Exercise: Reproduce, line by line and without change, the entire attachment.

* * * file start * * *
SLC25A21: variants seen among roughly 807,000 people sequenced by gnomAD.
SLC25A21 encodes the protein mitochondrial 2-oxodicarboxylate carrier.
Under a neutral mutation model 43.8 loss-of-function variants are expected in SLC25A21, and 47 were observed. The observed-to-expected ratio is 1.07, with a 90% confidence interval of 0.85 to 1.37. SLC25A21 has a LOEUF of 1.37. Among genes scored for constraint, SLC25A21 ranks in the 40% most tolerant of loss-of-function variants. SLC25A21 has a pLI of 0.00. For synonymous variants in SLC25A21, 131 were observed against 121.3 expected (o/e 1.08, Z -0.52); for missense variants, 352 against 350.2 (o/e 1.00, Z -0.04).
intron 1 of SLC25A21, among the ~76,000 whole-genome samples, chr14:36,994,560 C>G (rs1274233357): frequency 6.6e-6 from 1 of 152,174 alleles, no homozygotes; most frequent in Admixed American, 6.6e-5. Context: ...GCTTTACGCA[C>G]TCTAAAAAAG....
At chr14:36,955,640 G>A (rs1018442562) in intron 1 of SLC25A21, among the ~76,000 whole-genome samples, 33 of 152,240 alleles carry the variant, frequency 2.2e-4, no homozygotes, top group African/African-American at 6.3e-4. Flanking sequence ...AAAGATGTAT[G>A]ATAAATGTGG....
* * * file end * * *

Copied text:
SLC25A21: variants seen among roughly 807,000 people sequenced by gnomAD.
SLC25A21 encodes the protein mitochondrial 2-oxodicarboxylate carrier.
Under a neutral mutation model 43.8 loss-of-function variants are expected in SLC25A21, and 47 were observed. The observed-to-expected ratio is 1.07, with a 90% confidence interval of 0.85 to 1.37. SLC25A21 has a LOEUF of 1.37. Among genes scored for constraint, SLC25A21 ranks in the 40% most tolerant of loss-of-function variants. SLC25A21 has a pLI of 0.00. For synonymous variants in SLC25A21, 131 were observed against 121.3 expected (o/e 1.08, Z -0.52); for missense variants, 352 against 350.2 (o/e 1.00, Z -0.04).
intron 1 of SLC25A21, among the ~76,000 whole-genome samples, chr14:36,994,560 C>G (rs1274233357): frequency 6.6e-6 from 1 of 152,174 alleles, no homozygotes; most frequent in Admixed American, 6.6e-5. Context: ...GCTTTACGCA[C>G]TCTAAAAAAG....
At chr14:36,955,640 G>A (rs1018442562) in intron 1 of SLC25A21, among the ~76,000 whole-genome samples, 33 of 152,240 alleles carry the variant, frequency 2.2e-4, no homozygotes, top group African/African-American at 6.3e-4. Flanking sequence ...AAAGATGTAT[G>A]ATAAATGTGG....